My non-climate controlled train room experiences temperatures from the low-teens to a maximum of 110+. Based on experience with a past layout in the same room, I now lay track during spring and fall when the temperature ranges between 60 and 80. I leave expansion joints and attach the track with Atlas nails in every hole in the flex-track. I still have some slight buckling in the summer, but nothing that causes derailments. MasonJar is also correct about the changes in conditions and its effect on wood. My greater problem is Mother Nature's creatures. Like Relic and hooknlad, I have mice eating scenery and littering. Worse are the spiders and wasps. Spiderwebs everywhere that attract dirt (another issue), and foul running gear. Occasionally they spoil an otherwise excellent digital picture. In this part of Texas we have a wasp called a "dirt dauber". They build multi-chambered nests out of mud and prefer to squeeze through tight holes to conceal them. On my layout their favorite is the round cut-out holes in the ends of ACF covered hoppers. A large nest attached to one inside side of a hopper can cause them to topple on curves.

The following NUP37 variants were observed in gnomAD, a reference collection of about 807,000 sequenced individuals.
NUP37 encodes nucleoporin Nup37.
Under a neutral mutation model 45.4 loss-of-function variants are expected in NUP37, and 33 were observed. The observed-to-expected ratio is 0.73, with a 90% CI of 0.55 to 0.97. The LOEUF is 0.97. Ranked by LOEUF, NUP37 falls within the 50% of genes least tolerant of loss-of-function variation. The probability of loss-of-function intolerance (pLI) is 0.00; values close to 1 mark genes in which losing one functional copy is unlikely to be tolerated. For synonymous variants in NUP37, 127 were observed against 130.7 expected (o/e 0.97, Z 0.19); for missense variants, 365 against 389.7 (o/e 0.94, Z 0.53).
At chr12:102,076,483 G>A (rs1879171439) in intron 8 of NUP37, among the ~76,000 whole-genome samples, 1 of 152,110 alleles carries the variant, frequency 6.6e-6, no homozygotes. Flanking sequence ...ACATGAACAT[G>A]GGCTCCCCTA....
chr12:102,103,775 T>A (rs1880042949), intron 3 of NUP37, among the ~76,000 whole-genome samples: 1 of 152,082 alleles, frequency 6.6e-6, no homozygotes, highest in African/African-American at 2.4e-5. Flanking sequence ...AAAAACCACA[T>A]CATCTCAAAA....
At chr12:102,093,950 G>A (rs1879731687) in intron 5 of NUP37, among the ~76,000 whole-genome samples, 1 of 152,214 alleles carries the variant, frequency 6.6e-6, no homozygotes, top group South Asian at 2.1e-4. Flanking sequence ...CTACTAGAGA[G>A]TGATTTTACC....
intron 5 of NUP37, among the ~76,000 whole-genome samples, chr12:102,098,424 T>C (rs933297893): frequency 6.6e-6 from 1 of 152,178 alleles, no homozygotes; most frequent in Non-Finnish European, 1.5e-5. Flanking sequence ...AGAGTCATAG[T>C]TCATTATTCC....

If that's your only space. use it. Careful tracklaying, regular vacuumings, mouse-traps and observation, will overcome most of the resulting conditions.
  13. Meiriongwril

    Meiriongwril Member

    :wave: Does the tomcat ever decide to sit on your favorite building? They do have tendency to do things like that!:D
  14. cidchase

    cidchase Active Member

    :eek: :eek:

    That space I would consider unuseable!! For the cost of a loco, one could get a 110v
    air conditioner or an electric heater. Insulation and hole-filling is relatively cheap.
    I think that attention to these utilities would greatly multiply one's enjoyment of the
    layout!! :D :D

    We could maybe come up with some sources and/or suggestions to assist our members
    in making some of these spaces habitable! As long as it's for a layout, it's "train related"!:D

Share This Page